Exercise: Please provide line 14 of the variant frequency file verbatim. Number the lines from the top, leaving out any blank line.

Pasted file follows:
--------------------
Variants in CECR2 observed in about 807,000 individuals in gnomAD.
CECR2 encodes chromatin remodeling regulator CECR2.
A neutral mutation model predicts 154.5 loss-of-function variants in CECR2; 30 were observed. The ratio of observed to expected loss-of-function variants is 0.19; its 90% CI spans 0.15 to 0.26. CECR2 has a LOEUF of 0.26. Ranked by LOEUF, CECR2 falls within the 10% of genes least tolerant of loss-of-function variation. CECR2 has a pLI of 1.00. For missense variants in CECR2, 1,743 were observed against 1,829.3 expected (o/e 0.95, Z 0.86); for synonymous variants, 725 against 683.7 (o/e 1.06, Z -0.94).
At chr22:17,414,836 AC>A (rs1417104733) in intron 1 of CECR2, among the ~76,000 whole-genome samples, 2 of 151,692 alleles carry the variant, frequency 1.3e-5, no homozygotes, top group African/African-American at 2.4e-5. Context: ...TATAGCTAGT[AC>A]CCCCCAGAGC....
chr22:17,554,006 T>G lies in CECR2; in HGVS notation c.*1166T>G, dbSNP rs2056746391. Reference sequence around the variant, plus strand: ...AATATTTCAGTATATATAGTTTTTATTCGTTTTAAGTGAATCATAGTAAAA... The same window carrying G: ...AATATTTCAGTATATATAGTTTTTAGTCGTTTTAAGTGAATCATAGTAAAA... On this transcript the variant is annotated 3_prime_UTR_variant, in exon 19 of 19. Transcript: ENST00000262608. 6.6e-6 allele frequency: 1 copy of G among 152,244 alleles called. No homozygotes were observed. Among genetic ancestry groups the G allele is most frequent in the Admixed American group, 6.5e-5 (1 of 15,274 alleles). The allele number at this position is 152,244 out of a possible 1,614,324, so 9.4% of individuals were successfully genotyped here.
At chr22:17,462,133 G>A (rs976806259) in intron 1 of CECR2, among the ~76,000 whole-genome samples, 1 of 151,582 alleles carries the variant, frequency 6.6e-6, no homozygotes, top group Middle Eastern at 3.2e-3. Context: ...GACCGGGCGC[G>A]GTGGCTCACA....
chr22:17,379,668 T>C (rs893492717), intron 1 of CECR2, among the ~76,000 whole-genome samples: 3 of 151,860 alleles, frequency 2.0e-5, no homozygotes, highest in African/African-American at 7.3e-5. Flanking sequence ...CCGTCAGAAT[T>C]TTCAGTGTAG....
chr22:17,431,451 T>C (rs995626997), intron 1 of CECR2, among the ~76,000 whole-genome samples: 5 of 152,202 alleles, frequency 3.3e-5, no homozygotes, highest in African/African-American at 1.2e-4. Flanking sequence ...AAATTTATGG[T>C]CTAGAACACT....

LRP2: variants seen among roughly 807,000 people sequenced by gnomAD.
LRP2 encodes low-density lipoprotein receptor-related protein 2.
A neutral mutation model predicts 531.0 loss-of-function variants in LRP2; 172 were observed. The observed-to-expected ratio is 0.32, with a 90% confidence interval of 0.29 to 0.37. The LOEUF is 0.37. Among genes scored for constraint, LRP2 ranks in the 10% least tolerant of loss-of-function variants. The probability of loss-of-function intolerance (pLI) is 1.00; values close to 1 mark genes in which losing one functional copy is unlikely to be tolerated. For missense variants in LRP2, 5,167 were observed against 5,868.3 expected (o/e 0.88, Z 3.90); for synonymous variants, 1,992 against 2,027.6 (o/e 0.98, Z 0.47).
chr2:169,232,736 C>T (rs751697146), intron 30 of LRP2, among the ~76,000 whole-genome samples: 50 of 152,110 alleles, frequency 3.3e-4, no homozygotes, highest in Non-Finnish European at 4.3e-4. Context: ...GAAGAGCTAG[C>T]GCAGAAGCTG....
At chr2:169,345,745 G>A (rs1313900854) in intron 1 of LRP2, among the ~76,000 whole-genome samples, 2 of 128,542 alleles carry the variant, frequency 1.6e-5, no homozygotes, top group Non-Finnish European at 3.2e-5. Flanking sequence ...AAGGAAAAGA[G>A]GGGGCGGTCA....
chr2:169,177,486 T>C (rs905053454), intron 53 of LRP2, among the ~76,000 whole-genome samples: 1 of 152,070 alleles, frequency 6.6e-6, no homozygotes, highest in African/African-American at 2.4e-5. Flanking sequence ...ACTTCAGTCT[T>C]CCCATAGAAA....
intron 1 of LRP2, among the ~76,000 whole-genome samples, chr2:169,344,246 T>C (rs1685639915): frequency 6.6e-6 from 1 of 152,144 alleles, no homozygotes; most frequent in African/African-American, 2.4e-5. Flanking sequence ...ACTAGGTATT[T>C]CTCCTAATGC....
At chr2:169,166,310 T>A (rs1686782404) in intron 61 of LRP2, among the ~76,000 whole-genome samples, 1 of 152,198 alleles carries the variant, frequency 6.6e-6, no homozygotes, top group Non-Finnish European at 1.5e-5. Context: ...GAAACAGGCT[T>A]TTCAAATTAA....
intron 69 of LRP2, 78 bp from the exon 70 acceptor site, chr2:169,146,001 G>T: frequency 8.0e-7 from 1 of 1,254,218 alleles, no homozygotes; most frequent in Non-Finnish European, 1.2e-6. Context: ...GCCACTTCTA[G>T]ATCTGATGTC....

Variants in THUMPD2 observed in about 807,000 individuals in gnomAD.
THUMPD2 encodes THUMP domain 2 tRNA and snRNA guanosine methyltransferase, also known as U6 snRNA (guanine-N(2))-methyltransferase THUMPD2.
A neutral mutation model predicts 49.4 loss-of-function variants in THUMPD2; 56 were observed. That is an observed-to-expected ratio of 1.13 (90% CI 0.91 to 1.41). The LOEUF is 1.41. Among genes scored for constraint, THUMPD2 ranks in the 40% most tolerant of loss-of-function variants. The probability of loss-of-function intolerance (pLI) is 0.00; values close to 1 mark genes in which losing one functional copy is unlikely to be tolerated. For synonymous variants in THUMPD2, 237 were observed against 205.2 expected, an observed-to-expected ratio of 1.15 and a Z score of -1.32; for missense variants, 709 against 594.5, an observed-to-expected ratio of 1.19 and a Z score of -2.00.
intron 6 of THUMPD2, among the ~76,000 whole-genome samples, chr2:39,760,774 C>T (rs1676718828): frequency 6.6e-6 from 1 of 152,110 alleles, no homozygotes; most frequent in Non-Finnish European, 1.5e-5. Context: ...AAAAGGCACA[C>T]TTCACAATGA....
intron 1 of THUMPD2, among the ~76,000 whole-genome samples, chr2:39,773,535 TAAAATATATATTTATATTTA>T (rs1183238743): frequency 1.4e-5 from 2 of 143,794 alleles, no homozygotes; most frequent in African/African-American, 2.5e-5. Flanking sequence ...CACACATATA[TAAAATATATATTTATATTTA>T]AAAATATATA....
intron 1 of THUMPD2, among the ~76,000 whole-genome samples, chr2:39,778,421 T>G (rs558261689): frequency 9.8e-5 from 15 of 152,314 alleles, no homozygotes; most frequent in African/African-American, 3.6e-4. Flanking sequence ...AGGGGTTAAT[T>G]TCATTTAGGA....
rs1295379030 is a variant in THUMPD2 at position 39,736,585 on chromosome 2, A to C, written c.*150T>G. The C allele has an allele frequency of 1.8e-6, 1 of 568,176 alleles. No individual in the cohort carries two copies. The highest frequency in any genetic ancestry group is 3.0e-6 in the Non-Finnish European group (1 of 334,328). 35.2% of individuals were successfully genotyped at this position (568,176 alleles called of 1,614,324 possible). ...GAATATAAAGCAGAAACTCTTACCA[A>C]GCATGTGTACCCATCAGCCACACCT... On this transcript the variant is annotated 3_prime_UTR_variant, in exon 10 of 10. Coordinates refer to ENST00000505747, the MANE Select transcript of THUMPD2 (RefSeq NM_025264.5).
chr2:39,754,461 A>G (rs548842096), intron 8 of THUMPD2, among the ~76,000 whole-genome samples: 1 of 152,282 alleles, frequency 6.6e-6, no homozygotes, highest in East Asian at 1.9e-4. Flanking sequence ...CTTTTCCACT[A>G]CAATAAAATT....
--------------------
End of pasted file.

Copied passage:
chr2:169,177,486 T>C (rs905053454), intron 53 of LRP2, among the ~76,000 whole-genome samples: 1 of 152,070 alleles, frequency 6.6e-6, no homozygotes, highest in African/African-American at 2.4e-5. Flanking sequence ...ACTTCAGTCT[T>C]CCCATAGAAA....